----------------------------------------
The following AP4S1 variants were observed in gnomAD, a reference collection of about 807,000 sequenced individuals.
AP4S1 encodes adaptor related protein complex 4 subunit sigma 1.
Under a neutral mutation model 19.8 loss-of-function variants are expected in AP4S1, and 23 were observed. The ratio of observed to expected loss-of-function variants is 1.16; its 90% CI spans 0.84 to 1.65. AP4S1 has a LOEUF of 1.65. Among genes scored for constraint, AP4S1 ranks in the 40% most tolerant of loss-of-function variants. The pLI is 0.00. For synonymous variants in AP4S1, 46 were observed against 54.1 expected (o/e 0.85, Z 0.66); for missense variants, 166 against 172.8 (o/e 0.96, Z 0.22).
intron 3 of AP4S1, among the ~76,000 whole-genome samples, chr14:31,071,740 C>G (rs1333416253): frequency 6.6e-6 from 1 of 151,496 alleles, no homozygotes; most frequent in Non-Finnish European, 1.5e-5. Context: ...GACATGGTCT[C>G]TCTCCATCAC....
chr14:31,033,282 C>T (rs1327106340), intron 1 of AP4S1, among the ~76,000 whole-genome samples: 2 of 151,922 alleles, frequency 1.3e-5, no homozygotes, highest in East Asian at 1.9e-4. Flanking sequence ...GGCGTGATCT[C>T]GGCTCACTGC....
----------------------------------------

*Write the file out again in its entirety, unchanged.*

The following AP4S1 variants were observed in gnomAD, a reference collection of about 807,000 sequenced individuals.
AP4S1 encodes adaptor related protein complex 4 subunit sigma 1.
Under a neutral mutation model 19.8 loss-of-function variants are expected in AP4S1, and 23 were observed. The ratio of observed to expected loss-of-function variants is 1.16; its 90% CI spans 0.84 to 1.65. AP4S1 has a LOEUF of 1.65. Among genes scored for constraint, AP4S1 ranks in the 40% most tolerant of loss-of-function variants. The pLI is 0.00. For synonymous variants in AP4S1, 46 were observed against 54.1 expected (o/e 0.85, Z 0.66); for missense variants, 166 against 172.8 (o/e 0.96, Z 0.22).
intron 3 of AP4S1, among the ~76,000 whole-genome samples, chr14:31,071,740 C>G (rs1333416253): frequency 6.6e-6 from 1 of 151,496 alleles, no homozygotes; most frequent in Non-Finnish European, 1.5e-5. Context: ...GACATGGTCT[C>G]TCTCCATCAC....
chr14:31,033,282 C>T (rs1327106340), intron 1 of AP4S1, among the ~76,000 whole-genome samples: 2 of 151,922 alleles, frequency 1.3e-5, no homozygotes, highest in East Asian at 1.9e-4. Flanking sequence ...GGCGTGATCT[C>T]GGCTCACTGC....